Yashoda Hospital offers state-of-the-art facilities to diagnose, evaluate, and manage a plethora of diseases, ailments, and malignancies. We have ultrasound machines that provide high-resolution images of the inside of the body. We possess high-end ultrasound machines that have excellent image quality and are equipped with modern applications like Harmonic Imaging, elastography, and 3D imaging.
What is Ultrasound?
Ultrasound imaging produces pictures of the body's internal structures by using a transducer or probe to generate sound waves. The procedure does not use ionizing radiation, provides a clear picture of soft tissues that are usually not presented well on X-ray images, and have known to have no harmful effects.
What are some common applications of the Ultrasound procedure?
Ultrasound examinations assist doctors in determining a variety of conditions and in assessing organ damage following symptoms such as:
Ultrasound analyses various parts of body's internal organs, including but not limited to the:
- heart and blood vessels
- ovaries, uterus, and fetus in pregnant patients
- thyroid and parathyroid glands
- the scrotum (testicles)
- brain in infants
- hips in infants
- spine in infants
Ultrasound is also used to:
- oversee procedures such as needle biopsies where sample cells are taken from an abnormal area for laboratory testing.
- image the breasts and help in guiding breast cancer
- diagnose several heart conditions, including congestive heart failure and valve problems.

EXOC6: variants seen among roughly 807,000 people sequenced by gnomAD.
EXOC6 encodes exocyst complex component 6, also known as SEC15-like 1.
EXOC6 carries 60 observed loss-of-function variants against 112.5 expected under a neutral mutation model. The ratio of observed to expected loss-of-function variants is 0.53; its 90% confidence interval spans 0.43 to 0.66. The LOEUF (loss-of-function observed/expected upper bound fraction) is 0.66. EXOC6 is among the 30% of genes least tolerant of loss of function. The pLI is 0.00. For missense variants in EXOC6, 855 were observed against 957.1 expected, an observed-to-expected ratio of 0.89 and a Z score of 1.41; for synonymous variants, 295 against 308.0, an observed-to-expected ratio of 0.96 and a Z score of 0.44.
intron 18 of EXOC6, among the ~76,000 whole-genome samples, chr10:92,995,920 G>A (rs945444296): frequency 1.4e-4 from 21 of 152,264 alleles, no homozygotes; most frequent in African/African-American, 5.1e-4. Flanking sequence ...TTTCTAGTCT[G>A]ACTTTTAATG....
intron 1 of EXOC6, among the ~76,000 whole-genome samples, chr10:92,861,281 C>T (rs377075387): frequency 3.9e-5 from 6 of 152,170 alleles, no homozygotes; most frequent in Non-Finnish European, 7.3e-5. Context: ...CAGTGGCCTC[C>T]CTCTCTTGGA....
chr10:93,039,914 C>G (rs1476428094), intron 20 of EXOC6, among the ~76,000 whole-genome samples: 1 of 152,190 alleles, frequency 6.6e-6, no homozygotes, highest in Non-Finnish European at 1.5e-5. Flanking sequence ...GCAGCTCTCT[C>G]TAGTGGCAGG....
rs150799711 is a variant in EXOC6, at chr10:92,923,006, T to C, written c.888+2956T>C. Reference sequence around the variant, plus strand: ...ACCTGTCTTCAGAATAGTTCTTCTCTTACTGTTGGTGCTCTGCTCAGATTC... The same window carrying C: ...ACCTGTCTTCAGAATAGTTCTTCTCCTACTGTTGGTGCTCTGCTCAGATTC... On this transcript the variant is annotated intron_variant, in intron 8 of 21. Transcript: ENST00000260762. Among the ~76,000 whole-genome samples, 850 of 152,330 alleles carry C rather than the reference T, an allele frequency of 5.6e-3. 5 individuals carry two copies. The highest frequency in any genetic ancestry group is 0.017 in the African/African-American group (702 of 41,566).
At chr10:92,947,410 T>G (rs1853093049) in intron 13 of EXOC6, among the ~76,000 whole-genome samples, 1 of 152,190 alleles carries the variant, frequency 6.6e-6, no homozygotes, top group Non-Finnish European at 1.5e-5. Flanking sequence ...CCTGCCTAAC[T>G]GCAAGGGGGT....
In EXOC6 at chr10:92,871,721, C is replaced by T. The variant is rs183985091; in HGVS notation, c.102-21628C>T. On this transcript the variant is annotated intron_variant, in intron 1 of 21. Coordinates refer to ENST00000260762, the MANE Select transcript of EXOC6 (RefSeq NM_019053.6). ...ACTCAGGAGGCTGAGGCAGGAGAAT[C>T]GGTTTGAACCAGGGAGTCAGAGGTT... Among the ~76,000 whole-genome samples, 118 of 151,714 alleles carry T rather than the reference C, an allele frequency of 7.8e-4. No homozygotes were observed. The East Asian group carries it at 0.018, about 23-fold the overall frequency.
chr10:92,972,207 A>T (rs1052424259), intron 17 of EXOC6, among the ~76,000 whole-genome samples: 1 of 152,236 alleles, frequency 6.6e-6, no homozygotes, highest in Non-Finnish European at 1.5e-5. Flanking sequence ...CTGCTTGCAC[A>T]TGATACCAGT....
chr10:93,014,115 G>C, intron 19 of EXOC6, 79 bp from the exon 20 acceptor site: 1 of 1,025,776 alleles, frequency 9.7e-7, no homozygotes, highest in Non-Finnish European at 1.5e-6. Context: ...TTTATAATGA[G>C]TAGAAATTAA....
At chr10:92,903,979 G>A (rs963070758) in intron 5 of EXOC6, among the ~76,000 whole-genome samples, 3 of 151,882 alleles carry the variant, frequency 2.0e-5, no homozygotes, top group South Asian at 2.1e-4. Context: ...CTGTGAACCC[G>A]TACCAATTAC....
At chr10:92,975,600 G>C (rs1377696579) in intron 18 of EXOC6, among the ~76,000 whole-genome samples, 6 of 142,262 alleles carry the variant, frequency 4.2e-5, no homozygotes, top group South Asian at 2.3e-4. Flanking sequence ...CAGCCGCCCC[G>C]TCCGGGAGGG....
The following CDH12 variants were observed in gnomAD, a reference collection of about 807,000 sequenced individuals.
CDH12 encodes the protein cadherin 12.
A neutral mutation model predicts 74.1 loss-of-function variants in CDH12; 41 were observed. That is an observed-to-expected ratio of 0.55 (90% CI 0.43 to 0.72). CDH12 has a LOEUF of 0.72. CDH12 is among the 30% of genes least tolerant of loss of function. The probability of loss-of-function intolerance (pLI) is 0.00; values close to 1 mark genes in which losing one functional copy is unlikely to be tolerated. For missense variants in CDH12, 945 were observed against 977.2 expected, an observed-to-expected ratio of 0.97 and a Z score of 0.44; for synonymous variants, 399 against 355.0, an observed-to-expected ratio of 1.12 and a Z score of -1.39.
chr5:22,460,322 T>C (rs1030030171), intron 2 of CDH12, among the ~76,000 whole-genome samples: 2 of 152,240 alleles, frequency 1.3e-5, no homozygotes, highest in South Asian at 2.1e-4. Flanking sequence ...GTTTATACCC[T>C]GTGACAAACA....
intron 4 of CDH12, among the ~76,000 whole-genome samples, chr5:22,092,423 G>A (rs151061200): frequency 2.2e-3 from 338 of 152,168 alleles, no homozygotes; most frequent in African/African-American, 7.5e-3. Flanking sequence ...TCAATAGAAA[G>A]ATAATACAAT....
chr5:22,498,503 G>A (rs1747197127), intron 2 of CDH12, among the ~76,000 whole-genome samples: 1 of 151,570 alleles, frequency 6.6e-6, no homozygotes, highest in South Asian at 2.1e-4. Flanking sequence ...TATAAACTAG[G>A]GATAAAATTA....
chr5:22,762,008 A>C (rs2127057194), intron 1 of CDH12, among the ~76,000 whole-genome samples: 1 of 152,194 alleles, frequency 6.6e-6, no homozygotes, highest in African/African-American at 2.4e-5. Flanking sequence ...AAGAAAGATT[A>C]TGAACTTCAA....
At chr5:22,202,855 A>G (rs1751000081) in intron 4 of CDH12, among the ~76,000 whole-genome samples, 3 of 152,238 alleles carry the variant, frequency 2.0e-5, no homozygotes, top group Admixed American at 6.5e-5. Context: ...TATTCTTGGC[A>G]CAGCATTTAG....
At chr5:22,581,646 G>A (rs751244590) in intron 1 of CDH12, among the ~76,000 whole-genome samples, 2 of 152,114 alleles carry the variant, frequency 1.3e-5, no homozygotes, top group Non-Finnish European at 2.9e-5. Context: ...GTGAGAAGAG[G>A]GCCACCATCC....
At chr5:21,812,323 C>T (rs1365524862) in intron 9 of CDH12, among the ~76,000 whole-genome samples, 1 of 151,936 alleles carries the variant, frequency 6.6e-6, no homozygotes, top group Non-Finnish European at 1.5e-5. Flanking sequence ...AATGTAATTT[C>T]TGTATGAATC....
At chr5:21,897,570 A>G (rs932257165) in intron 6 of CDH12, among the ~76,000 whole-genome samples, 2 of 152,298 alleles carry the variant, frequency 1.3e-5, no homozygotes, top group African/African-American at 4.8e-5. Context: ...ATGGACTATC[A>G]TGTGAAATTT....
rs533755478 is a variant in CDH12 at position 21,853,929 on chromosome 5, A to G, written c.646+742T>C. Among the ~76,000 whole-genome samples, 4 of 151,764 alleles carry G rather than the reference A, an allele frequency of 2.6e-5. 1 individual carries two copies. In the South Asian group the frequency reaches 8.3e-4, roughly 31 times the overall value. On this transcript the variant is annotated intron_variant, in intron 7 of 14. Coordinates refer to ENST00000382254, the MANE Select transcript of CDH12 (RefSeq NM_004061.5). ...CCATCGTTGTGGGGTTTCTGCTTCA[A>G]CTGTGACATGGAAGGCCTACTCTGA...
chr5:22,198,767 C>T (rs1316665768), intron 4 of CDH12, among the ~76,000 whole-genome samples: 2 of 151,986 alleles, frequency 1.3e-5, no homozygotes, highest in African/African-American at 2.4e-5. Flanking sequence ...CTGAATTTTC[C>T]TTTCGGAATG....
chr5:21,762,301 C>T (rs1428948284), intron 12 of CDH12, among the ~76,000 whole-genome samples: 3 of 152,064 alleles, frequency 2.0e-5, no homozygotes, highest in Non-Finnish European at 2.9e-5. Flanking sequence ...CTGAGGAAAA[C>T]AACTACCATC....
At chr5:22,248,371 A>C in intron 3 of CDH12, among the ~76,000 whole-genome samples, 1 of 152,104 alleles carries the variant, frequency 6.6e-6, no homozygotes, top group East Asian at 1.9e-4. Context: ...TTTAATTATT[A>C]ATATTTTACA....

Doppler ultrasound images can support the physician to see and evaluate:
- blockages to blood flow
- narrowing of vessels
- tumors and congenital vascular malformations
- absent or reduced blood flow to various organs, such as the testes or ovary
- increased blood flow, which shows a sign of infection
How ultrasound scans work?
A small device called an ultrasound probe is used to create high-frequency sound waves inside the body. Images are created when these sound waves bounce off different parts of the body and generate "echoes" that are picked up by the probe. While the scan is being carried out, the images are displayed on the monitor.
How to Prepare for the Procedure?
Before the Procedure
- If you are going for an ultrasound in the pelvic area, you will be advised to drink water and not to go to the toilet until after the scan.
- If you are going for an ultrasound of the liver and gallbladder, you will be asked to avoid eating or drinking for several hours before the scan.
- You will be given a sedative to help you relax and inject a harmless substance called a contrast agent before the scan to generate clear images.
During the Procedure
- The radiologist or a sonographer will take 15 to 45 minutes to perform the tests.
- There are three main types of Ultrasounds scans, such as:
- External ultrasound scan: Here, the probe is moved over the skin
- Internal ultrasound scan: Here, the probe is inserted into the body
- Endoscopic ultrasound scan: Here, the probe is attached to a thin, long, and flexible tube that is passed deep inside the body.
- You will be placed on the examination table. The radiologists or a trained sonographer will apply a water-based gel to the area which is being studied.
- The gel eliminates air pockets between the transducer and the skin by helping the transducer make secure contact with the body.
- The transducer is moved back and forth on the area until the intended images are captured.
- You will not experience any discomfort from the pressure as the transducer is pressed.
After the Procedure
- A radiologist, a doctor, trained to supervise and interpret radiology exams, will evaluate your images. The signed images will be shared with you and with your doctor.
- You may need to follow up on exams if there is a potential abnormality that needs further evaluation.
There are no known harmful effects on humans in standard diagnostic ultrasound.